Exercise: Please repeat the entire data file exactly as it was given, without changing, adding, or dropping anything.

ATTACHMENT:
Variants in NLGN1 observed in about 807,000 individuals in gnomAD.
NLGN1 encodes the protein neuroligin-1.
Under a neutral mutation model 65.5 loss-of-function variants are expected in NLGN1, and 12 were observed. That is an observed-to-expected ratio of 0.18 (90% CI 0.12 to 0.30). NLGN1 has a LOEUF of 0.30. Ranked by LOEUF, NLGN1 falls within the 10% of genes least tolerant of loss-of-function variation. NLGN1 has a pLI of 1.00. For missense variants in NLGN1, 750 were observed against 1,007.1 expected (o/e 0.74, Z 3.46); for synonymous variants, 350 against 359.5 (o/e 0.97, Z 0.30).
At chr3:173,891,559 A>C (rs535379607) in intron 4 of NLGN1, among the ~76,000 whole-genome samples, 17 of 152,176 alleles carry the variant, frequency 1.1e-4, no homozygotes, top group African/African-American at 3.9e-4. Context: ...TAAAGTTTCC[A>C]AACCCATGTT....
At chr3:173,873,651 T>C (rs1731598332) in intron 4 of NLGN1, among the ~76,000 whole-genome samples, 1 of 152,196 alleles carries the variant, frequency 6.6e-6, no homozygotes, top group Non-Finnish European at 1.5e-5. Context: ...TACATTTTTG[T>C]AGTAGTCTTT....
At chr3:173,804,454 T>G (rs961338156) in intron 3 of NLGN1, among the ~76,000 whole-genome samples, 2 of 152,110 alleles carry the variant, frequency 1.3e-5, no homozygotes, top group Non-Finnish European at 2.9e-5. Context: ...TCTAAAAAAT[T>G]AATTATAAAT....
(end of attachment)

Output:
Variants in NLGN1 observed in about 807,000 individuals in gnomAD.
NLGN1 encodes the protein neuroligin-1.
Under a neutral mutation model 65.5 loss-of-function variants are expected in NLGN1, and 12 were observed. That is an observed-to-expected ratio of 0.18 (90% CI 0.12 to 0.30). NLGN1 has a LOEUF of 0.30. Ranked by LOEUF, NLGN1 falls within the 10% of genes least tolerant of loss-of-function variation. NLGN1 has a pLI of 1.00. For missense variants in NLGN1, 750 were observed against 1,007.1 expected (o/e 0.74, Z 3.46); for synonymous variants, 350 against 359.5 (o/e 0.97, Z 0.30).
At chr3:173,891,559 A>C (rs535379607) in intron 4 of NLGN1, among the ~76,000 whole-genome samples, 17 of 152,176 alleles carry the variant, frequency 1.1e-4, no homozygotes, top group African/African-American at 3.9e-4. Context: ...TAAAGTTTCC[A>C]AACCCATGTT....
At chr3:173,873,651 T>C (rs1731598332) in intron 4 of NLGN1, among the ~76,000 whole-genome samples, 1 of 152,196 alleles carries the variant, frequency 6.6e-6, no homozygotes, top group Non-Finnish European at 1.5e-5. Context: ...TACATTTTTG[T>C]AGTAGTCTTT....
At chr3:173,804,454 T>G (rs961338156) in intron 3 of NLGN1, among the ~76,000 whole-genome samples, 2 of 152,110 alleles carry the variant, frequency 1.3e-5, no homozygotes, top group Non-Finnish European at 2.9e-5. Context: ...TCTAAAAAAT[T>G]AATTATAAAT....